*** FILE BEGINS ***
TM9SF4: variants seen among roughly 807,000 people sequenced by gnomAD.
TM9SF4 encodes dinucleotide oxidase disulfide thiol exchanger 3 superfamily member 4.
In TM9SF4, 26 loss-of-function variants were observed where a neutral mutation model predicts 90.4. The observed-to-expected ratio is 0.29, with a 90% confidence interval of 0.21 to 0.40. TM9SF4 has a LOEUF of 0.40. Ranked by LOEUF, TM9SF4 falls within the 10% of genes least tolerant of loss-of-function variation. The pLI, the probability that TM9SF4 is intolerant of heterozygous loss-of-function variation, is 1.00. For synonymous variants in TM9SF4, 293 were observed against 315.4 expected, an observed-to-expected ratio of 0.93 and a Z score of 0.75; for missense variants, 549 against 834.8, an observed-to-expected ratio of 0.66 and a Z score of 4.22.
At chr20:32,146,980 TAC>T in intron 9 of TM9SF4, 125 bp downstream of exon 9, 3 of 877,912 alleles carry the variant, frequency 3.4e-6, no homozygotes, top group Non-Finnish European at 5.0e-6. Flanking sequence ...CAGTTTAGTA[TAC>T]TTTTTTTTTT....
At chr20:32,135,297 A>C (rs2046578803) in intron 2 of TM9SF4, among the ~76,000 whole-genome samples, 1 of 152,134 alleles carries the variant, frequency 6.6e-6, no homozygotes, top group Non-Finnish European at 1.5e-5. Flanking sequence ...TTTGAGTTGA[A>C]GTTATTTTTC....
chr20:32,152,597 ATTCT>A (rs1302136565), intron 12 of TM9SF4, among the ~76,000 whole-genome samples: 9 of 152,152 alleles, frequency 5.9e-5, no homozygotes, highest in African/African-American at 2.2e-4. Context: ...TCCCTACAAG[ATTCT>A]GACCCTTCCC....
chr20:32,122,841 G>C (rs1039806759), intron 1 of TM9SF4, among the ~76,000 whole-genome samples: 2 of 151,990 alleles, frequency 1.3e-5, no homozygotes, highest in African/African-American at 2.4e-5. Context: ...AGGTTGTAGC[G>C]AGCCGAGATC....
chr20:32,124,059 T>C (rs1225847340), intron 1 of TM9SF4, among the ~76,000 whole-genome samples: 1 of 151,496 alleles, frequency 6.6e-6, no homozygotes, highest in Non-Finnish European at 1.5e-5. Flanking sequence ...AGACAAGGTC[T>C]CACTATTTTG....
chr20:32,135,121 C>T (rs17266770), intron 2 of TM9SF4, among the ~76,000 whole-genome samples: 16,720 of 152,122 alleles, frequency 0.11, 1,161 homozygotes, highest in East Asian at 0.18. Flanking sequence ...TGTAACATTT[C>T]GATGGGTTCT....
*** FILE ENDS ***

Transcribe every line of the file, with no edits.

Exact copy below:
TM9SF4: variants seen among roughly 807,000 people sequenced by gnomAD.
TM9SF4 encodes dinucleotide oxidase disulfide thiol exchanger 3 superfamily member 4.
In TM9SF4, 26 loss-of-function variants were observed where a neutral mutation model predicts 90.4. The observed-to-expected ratio is 0.29, with a 90% confidence interval of 0.21 to 0.40. TM9SF4 has a LOEUF of 0.40. Ranked by LOEUF, TM9SF4 falls within the 10% of genes least tolerant of loss-of-function variation. The pLI, the probability that TM9SF4 is intolerant of heterozygous loss-of-function variation, is 1.00. For synonymous variants in TM9SF4, 293 were observed against 315.4 expected, an observed-to-expected ratio of 0.93 and a Z score of 0.75; for missense variants, 549 against 834.8, an observed-to-expected ratio of 0.66 and a Z score of 4.22.
At chr20:32,146,980 TAC>T in intron 9 of TM9SF4, 125 bp downstream of exon 9, 3 of 877,912 alleles carry the variant, frequency 3.4e-6, no homozygotes, top group Non-Finnish European at 5.0e-6. Flanking sequence ...CAGTTTAGTA[TAC>T]TTTTTTTTTT....
At chr20:32,135,297 A>C (rs2046578803) in intron 2 of TM9SF4, among the ~76,000 whole-genome samples, 1 of 152,134 alleles carries the variant, frequency 6.6e-6, no homozygotes, top group Non-Finnish European at 1.5e-5. Flanking sequence ...TTTGAGTTGA[A>C]GTTATTTTTC....
chr20:32,152,597 ATTCT>A (rs1302136565), intron 12 of TM9SF4, among the ~76,000 whole-genome samples: 9 of 152,152 alleles, frequency 5.9e-5, no homozygotes, highest in African/African-American at 2.2e-4. Context: ...TCCCTACAAG[ATTCT>A]GACCCTTCCC....
chr20:32,122,841 G>C (rs1039806759), intron 1 of TM9SF4, among the ~76,000 whole-genome samples: 2 of 151,990 alleles, frequency 1.3e-5, no homozygotes, highest in African/African-American at 2.4e-5. Context: ...AGGTTGTAGC[G>C]AGCCGAGATC....
chr20:32,124,059 T>C (rs1225847340), intron 1 of TM9SF4, among the ~76,000 whole-genome samples: 1 of 151,496 alleles, frequency 6.6e-6, no homozygotes, highest in Non-Finnish European at 1.5e-5. Flanking sequence ...AGACAAGGTC[T>C]CACTATTTTG....
chr20:32,135,121 C>T (rs17266770), intron 2 of TM9SF4, among the ~76,000 whole-genome samples: 16,720 of 152,122 alleles, frequency 0.11, 1,161 homozygotes, highest in East Asian at 0.18. Flanking sequence ...TGTAACATTT[C>T]GATGGGTTCT....